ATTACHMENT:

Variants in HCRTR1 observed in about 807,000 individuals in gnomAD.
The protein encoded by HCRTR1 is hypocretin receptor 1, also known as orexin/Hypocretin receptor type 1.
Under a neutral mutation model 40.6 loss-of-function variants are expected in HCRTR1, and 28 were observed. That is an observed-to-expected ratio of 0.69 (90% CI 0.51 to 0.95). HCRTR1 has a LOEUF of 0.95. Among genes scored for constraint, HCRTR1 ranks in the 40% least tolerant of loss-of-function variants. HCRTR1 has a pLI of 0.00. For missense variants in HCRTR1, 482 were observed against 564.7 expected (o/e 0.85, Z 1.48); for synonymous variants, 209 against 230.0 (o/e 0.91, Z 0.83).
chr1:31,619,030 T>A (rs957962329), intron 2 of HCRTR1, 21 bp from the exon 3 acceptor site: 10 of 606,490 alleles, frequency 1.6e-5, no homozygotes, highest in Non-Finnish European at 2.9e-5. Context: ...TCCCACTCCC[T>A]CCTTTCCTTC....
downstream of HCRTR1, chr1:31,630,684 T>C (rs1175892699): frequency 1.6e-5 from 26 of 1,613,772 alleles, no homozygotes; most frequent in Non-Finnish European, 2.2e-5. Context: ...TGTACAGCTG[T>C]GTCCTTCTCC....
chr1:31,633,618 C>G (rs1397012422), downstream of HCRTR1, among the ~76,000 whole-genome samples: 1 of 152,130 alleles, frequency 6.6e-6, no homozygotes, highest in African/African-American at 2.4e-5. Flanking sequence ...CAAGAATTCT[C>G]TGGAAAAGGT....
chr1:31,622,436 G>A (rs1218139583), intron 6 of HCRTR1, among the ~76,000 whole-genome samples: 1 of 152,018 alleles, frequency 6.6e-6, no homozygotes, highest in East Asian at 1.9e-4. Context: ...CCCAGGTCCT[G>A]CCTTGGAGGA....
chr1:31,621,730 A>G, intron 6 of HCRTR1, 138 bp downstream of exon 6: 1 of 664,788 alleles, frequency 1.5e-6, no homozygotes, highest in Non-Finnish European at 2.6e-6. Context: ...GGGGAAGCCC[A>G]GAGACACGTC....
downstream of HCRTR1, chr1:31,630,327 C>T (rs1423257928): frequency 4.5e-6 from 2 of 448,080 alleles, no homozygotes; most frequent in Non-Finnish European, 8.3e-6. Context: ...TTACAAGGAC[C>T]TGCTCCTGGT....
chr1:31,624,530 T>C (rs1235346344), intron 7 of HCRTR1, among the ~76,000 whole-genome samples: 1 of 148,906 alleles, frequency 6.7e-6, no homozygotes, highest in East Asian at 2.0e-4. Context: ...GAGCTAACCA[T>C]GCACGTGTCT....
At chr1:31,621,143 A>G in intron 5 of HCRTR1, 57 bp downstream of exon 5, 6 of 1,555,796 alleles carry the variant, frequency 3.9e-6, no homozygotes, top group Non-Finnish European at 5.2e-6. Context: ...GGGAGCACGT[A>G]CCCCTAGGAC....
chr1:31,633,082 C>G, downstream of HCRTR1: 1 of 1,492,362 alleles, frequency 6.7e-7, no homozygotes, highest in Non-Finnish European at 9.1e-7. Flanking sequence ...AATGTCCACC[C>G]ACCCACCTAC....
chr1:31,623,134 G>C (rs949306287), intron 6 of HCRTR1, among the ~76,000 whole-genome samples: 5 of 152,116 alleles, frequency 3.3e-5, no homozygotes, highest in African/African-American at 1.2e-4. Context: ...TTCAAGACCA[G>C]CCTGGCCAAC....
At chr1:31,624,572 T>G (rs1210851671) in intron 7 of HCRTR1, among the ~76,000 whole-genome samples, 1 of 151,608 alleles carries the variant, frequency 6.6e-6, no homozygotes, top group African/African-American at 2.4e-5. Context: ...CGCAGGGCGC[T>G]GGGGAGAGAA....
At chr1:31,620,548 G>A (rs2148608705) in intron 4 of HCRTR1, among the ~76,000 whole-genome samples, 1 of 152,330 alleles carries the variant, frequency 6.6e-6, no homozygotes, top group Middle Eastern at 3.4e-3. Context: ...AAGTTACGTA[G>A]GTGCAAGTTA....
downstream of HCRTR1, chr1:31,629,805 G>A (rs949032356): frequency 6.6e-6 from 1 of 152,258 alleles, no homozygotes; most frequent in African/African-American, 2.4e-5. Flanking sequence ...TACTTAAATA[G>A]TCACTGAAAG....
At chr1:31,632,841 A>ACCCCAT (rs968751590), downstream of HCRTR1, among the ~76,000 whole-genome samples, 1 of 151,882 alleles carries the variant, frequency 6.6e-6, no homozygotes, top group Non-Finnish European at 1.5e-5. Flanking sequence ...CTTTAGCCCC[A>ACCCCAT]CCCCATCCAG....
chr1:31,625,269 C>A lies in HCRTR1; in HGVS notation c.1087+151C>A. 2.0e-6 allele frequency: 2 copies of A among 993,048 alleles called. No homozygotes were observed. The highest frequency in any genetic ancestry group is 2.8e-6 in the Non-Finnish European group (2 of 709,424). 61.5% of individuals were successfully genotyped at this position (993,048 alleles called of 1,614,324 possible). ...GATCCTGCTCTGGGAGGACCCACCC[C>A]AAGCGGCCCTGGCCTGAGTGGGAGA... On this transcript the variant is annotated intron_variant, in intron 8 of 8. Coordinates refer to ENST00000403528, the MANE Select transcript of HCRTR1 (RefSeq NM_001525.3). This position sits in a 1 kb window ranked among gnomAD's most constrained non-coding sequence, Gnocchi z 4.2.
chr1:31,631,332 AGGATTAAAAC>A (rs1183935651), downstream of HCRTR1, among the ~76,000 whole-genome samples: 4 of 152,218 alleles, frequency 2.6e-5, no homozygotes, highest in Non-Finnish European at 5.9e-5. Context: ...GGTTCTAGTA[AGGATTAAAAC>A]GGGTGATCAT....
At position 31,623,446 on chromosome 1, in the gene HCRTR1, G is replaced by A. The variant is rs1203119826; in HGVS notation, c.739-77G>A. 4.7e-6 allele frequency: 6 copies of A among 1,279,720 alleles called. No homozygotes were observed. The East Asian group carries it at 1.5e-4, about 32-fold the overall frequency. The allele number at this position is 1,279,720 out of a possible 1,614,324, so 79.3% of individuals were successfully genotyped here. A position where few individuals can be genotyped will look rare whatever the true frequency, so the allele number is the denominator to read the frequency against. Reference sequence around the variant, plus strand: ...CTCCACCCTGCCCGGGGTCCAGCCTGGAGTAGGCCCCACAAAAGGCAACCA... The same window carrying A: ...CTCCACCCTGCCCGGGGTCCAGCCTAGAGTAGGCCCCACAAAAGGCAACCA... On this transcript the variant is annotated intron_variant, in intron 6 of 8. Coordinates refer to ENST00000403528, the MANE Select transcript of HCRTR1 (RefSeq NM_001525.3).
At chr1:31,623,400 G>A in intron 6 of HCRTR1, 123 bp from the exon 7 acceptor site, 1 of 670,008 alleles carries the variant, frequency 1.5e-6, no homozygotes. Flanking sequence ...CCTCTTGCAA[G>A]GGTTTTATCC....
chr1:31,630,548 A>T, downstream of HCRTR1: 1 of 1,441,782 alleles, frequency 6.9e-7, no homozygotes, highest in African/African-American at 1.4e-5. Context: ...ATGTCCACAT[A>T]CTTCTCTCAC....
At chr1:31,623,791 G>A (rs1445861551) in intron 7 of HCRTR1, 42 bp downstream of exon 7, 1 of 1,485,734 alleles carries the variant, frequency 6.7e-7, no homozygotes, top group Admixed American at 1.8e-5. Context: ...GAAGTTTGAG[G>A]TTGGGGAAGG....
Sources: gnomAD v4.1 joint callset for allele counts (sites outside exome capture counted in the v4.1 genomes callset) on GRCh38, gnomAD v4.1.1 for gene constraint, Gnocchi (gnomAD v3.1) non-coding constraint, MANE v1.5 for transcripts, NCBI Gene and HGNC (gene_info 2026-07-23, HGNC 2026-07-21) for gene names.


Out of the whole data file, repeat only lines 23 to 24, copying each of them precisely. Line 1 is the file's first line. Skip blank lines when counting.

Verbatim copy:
At chr1:31,623,791 G>A (rs1445861551) in intron 7 of HCRTR1, 42 bp downstream of exon 7, 1 of 1,485,734 alleles carries the variant, frequency 6.7e-7, no homozygotes, top group Admixed American at 1.8e-5. Context: ...GAAGTTTGAG[G>A]TTGGGGAAGG....
Sources: gnomAD v4.1 joint callset for allele counts (sites outside exome capture counted in the v4.1 genomes callset) on GRCh38, gnomAD v4.1.1 for gene constraint, Gnocchi (gnomAD v3.1) non-coding constraint, MANE v1.5 for transcripts, NCBI Gene and HGNC (gene_info 2026-07-23, HGNC 2026-07-21) for gene names.